Two couples rooted in the American mainstream. Two spouses who were nearly killed by mentally ill gunmen.
The comparisons are striking.
Jim and Sarah Brady were loyal Republicans entrenched in Washington politics: she, the daughter of an FBI agent, and he, a Midwestern Eagle Scout. As Ronald Reagan's press secretary, Jim Brady took a bullet from a would-be presidential assassin, leaving him with a debilitating head wound.
Mark Kelly and Gabrielle Giffords could be considered the ultimate Washington power couple of the 21st century. She's a former red-state Democratic congresswoman, a gun owner and a defender of the Second Amendment. Her ex-astronaut husband is a combat war veteran and the son of retired police officers.
It's been two years since a gunman shot Giffords in the head and killed six others outside an Arizona grocery store in what police called an attempted assassination.
The Bradys have spent almost three decades battling America's powerful gun lobby, eventually winning passage of laws requiring background checks for some firearms and bans on some military-style weapons.
Now, Giffords and Kelly have joined that fight, spurred by the December 14 school massacre in Newtown, Connecticut.
Virtually unknown on a national level until the Tucson shooting in January 2011, Giffords became a household name after her remarkable recovery from a gunshot wound to the head. That fame provides a bright spotlight for her new crusade.
Accusing political leaders of being afraid and of doing nothing, they've formed a political action committee against what they call an "ideological fringe" that uses "big money" to "cow Congress into submission."
Just as the Bradys blazed a trail for the nation's gun control movement, Giffords and her husband are poised to be the next wave.
Outrage and sorrow from Newtown have made this the most opportune time in more than a decade for the passage of new gun control laws, activists say. "We certainly can't allow ourselves to continue down this road when this happens almost now as a regular occurrence," Kelly told CNN's Piers Morgan in January.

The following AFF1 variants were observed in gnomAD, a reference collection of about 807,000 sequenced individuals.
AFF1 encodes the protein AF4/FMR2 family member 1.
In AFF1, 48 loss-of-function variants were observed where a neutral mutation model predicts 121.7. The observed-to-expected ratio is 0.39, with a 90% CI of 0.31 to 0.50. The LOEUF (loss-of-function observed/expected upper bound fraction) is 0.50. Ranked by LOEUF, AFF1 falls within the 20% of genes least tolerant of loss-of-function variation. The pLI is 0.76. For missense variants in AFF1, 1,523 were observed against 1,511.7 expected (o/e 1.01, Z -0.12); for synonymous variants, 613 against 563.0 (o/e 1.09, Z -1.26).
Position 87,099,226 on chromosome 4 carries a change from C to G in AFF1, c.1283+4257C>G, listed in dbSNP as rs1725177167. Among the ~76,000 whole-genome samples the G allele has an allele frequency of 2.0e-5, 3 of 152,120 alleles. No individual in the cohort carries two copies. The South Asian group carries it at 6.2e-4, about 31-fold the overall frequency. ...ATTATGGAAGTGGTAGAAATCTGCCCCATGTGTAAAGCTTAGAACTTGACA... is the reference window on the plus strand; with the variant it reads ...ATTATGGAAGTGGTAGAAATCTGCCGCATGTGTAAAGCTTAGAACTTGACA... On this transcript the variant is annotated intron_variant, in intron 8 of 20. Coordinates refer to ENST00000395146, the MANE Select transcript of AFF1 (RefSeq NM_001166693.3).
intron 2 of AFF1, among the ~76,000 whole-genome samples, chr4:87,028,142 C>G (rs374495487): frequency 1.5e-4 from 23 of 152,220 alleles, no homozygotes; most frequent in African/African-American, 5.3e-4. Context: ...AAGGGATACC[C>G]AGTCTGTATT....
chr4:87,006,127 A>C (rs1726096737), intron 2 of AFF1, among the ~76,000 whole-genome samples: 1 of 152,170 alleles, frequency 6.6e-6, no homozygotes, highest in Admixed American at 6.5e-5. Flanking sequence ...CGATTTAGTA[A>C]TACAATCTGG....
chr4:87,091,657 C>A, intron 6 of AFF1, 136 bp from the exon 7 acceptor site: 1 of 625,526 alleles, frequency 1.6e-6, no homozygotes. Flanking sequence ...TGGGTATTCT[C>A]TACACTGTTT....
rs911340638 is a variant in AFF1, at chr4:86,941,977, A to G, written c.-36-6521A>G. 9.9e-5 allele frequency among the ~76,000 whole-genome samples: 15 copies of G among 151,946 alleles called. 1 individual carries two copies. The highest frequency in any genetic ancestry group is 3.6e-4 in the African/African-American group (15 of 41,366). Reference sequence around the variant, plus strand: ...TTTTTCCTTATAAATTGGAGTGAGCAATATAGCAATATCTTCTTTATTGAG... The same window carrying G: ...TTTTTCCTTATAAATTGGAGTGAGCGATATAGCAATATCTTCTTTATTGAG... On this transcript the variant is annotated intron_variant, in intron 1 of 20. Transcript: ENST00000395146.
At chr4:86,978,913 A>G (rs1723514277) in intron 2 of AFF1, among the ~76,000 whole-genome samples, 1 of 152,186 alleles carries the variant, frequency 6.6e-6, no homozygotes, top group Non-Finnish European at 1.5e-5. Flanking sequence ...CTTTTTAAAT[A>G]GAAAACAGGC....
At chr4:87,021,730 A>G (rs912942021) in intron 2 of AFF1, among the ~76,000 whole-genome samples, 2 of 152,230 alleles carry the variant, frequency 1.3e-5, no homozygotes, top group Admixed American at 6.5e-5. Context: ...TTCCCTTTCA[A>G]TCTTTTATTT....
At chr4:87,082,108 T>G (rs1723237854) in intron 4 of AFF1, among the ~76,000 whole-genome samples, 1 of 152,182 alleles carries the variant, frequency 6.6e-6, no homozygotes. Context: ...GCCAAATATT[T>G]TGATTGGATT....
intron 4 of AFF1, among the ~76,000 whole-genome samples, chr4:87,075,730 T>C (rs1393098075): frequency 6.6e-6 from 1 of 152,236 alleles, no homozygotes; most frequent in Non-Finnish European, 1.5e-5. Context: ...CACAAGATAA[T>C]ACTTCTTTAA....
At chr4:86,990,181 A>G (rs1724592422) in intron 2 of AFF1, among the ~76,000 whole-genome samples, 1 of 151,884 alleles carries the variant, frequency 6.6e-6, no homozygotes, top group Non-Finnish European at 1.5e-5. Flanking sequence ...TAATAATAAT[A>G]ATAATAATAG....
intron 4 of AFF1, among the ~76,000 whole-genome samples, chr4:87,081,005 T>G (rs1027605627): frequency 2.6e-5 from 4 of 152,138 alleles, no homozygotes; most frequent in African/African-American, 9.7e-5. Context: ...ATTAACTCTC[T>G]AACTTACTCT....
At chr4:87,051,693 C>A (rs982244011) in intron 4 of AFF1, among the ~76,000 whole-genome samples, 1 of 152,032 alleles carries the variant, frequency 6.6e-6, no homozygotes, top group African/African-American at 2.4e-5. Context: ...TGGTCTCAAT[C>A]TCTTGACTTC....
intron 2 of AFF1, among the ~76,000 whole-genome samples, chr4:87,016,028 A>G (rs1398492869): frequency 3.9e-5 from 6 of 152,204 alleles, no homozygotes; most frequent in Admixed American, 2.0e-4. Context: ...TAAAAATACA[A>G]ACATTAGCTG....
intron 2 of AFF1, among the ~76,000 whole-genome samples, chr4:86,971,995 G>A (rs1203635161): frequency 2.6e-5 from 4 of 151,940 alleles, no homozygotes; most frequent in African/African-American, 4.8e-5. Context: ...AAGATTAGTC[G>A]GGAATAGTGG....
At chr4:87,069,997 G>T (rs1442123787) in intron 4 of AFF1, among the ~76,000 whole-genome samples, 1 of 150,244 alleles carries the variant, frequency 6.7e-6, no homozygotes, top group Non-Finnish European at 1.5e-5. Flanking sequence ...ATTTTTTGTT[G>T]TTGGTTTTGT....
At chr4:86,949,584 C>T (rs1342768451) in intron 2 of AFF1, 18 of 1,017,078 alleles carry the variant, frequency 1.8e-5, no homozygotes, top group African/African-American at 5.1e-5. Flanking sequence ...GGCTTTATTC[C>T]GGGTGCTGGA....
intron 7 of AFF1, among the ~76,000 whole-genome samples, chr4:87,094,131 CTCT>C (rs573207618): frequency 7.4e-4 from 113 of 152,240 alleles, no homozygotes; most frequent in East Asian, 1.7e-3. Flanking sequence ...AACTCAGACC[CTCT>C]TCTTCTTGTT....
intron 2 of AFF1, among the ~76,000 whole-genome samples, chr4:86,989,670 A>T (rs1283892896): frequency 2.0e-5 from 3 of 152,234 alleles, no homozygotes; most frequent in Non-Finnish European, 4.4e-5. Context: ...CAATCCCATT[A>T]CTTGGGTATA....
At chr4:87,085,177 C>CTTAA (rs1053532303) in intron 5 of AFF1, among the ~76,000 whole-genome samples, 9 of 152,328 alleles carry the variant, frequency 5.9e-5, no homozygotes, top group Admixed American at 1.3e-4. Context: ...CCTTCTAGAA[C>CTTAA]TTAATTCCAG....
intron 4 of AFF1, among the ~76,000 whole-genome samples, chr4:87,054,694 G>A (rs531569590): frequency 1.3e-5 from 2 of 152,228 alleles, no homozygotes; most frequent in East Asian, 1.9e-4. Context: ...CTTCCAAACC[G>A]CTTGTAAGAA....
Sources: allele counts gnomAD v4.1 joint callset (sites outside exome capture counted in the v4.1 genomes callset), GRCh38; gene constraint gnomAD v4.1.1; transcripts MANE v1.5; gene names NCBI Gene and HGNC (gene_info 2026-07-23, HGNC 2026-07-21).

"On issues like assault weapons and high-capacity magazines and universal background checks, we differ with the (National Rifle Association) leadership," Kelly said. "But in fact, I think a lot of our positions on this subject are much in line with the NRA membership."
When Giffords and Kelly testified on Capitol Hill in January, they stirred up a hornet's nest of gun owners who believe that background checks and bans on military-style weapons violate their constitutional rights.
"Too many children are dying. Too many children. We must do something," Giffords told a packed hearing held by the Senate Judiciary Committee. "It will be hard, but the time is now."
Sarah Brady says Giffords and Kelly are the right people for the task.
"You kind of need a public face -- and public faces certainly help," said Brady, longtime leader of the Brady Center to Prevent Gun Violence. "But the most important thing is a really committed, wonderful team, and that's what we had during those battles."
Pam Simon remembers the day Giffords first became a victim of gun violence. She remembers it well because she herself was among the victims, suffering wounds to her chest and hand. Simon was also there the day her longtime friend decided to take a stand on the issue.
Simon stopped by Giffords' Tucson home the day of the Newtown massacre, greeting her and then asking delicately, "Have you heard the news?"
" 'Awful,' " she recalled Giffords responding, overcome by the weight of the tragedy.